The desire and ability to connect with others is a fundamental aspect of human nature, summed up aptly by an undergraduate who completed Intergroup Dialogue Project’s (IDP) semester-long course: “Almost everyone you meet just wants to connect in some way and if you have the tools to do that, you can find connections with almost anyone.” Indeed, there is an abundance of research about human connection and its contributions to well-being (e.g., Cacioppo & Patrick, 2008 and Way et al., 2018 offer book-length explorations on the subject).
Also, ample evidence exists suggesting that, for those of us living in the United States at the beginning of the twenty-first century, we are contending with numerous societal obstacles to the cultivation of human connection. This “crisis of connection” is described in a recent book written by scholars from a range of disciplines who claim that “People are increasingly disconnected from themselves and each other, with a state of alienation, isolation, and fragmentation characterizing much of the modern world” (Way et al., 2018, p. 1).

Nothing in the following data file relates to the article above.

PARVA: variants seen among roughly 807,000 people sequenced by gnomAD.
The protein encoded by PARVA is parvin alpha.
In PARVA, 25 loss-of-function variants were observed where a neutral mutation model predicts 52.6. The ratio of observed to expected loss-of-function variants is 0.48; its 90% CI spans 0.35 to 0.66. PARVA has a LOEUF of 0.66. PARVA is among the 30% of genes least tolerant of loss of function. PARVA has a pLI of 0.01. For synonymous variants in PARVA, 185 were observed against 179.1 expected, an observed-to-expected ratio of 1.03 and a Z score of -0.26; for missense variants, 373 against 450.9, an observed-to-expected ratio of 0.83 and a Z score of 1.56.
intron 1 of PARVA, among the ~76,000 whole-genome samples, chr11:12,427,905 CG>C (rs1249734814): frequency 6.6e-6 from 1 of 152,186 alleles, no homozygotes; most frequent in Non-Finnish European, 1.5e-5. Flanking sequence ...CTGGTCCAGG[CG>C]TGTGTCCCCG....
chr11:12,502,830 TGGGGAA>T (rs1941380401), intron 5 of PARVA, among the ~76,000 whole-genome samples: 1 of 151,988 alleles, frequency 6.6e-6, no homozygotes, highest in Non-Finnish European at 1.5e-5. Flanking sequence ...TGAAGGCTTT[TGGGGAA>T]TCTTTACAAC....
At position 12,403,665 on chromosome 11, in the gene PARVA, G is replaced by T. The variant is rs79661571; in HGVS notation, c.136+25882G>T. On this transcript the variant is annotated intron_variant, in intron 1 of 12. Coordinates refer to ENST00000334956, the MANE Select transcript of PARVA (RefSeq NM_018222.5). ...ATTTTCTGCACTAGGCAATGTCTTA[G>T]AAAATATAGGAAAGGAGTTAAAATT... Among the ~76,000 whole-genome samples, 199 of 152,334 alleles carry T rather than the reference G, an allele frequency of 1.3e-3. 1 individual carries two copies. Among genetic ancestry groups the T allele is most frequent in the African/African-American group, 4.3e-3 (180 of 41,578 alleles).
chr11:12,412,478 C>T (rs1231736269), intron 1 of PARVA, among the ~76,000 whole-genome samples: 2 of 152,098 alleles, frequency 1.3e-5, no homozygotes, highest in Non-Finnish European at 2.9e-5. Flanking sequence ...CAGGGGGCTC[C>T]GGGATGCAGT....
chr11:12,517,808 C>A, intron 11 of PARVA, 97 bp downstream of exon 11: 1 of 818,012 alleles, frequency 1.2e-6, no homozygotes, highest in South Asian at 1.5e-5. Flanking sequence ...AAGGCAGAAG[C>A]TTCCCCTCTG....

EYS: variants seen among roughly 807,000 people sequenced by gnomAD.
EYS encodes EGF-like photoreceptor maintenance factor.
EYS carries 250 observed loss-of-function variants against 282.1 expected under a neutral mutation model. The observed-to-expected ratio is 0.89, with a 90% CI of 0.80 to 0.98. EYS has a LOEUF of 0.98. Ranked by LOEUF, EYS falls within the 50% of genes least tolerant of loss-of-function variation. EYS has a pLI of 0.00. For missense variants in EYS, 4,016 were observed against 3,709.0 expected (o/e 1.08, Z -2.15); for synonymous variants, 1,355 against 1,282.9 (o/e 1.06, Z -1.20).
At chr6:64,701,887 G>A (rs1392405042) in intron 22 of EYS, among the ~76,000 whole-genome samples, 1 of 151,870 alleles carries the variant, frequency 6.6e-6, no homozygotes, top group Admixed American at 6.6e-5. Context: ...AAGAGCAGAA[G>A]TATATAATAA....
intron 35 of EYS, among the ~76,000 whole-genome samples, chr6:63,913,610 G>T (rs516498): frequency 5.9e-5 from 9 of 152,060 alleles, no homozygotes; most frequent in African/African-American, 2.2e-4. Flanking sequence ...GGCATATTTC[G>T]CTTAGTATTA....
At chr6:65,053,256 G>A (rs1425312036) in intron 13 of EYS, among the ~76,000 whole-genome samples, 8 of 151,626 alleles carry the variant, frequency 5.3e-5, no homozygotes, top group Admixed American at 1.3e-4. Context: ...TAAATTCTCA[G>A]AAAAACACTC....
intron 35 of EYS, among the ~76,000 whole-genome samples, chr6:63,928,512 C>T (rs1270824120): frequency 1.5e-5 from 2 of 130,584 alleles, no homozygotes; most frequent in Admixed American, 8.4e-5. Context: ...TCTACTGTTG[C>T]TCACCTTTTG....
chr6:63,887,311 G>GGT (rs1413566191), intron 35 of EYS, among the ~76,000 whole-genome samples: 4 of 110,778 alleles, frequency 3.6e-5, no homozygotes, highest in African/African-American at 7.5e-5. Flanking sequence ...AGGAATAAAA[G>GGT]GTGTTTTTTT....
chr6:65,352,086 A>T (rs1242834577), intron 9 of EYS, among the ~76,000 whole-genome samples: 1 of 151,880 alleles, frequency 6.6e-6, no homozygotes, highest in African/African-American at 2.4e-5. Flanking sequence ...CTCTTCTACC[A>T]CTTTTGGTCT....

The practice of intergroup dialogue can disrupt feelings of isolation by encouraging individuals to reflect on their own socialization, the stereotypes they’ve been exposed to, and the deleterious impact of some stories we tell about ourselves and people who belong to different social identity groups. This reflection often yields more genuine connection with oneself and, because it occurs alongside opportunities to practice dialogue, meaningful connections with people who have different social identities, experiences, and perspectives (Kivlighan & Arseneau, 2009; Zosel, 2018).